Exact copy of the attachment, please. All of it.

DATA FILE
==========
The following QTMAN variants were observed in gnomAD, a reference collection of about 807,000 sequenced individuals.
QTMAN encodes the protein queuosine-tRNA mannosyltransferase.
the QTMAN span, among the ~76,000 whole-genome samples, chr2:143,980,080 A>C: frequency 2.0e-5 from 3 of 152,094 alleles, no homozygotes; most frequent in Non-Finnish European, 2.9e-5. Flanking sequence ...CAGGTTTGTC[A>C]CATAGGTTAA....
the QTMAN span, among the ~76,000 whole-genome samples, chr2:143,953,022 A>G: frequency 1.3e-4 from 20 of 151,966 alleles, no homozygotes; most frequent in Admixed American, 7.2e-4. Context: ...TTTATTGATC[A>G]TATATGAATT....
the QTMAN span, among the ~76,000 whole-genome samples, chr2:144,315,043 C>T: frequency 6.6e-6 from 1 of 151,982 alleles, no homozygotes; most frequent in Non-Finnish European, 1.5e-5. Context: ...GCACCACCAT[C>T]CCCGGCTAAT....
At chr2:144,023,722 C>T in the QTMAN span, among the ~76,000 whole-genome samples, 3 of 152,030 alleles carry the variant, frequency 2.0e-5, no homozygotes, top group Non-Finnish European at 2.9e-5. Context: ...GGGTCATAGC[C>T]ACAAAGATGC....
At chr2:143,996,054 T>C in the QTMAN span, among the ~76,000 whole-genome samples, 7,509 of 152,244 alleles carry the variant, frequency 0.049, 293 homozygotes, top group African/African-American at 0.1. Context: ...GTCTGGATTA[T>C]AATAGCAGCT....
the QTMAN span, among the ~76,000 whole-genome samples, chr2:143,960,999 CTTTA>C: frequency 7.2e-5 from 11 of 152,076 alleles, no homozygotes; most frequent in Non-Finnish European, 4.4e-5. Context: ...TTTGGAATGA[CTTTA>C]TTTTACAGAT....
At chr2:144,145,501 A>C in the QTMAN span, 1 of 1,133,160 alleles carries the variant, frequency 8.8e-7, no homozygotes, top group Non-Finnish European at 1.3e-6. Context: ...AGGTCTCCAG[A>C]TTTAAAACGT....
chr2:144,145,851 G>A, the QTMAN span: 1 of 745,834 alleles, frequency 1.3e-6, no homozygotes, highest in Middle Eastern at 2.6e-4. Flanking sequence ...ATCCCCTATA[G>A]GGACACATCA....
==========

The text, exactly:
The following QTMAN variants were observed in gnomAD, a reference collection of about 807,000 sequenced individuals.
QTMAN encodes the protein queuosine-tRNA mannosyltransferase.
the QTMAN span, among the ~76,000 whole-genome samples, chr2:143,980,080 A>C: frequency 2.0e-5 from 3 of 152,094 alleles, no homozygotes; most frequent in Non-Finnish European, 2.9e-5. Flanking sequence ...CAGGTTTGTC[A>C]CATAGGTTAA....
the QTMAN span, among the ~76,000 whole-genome samples, chr2:143,953,022 A>G: frequency 1.3e-4 from 20 of 151,966 alleles, no homozygotes; most frequent in Admixed American, 7.2e-4. Context: ...TTTATTGATC[A>G]TATATGAATT....
the QTMAN span, among the ~76,000 whole-genome samples, chr2:144,315,043 C>T: frequency 6.6e-6 from 1 of 151,982 alleles, no homozygotes; most frequent in Non-Finnish European, 1.5e-5. Context: ...GCACCACCAT[C>T]CCCGGCTAAT....
At chr2:144,023,722 C>T in the QTMAN span, among the ~76,000 whole-genome samples, 3 of 152,030 alleles carry the variant, frequency 2.0e-5, no homozygotes, top group Non-Finnish European at 2.9e-5. Context: ...GGGTCATAGC[C>T]ACAAAGATGC....
At chr2:143,996,054 T>C in the QTMAN span, among the ~76,000 whole-genome samples, 7,509 of 152,244 alleles carry the variant, frequency 0.049, 293 homozygotes, top group African/African-American at 0.1. Context: ...GTCTGGATTA[T>C]AATAGCAGCT....
the QTMAN span, among the ~76,000 whole-genome samples, chr2:143,960,999 CTTTA>C: frequency 7.2e-5 from 11 of 152,076 alleles, no homozygotes; most frequent in Non-Finnish European, 4.4e-5. Context: ...TTTGGAATGA[CTTTA>C]TTTTACAGAT....
At chr2:144,145,501 A>C in the QTMAN span, 1 of 1,133,160 alleles carries the variant, frequency 8.8e-7, no homozygotes, top group Non-Finnish European at 1.3e-6. Context: ...AGGTCTCCAG[A>C]TTTAAAACGT....
chr2:144,145,851 G>A, the QTMAN span: 1 of 745,834 alleles, frequency 1.3e-6, no homozygotes, highest in Middle Eastern at 2.6e-4. Flanking sequence ...ATCCCCTATA[G>A]GGACACATCA....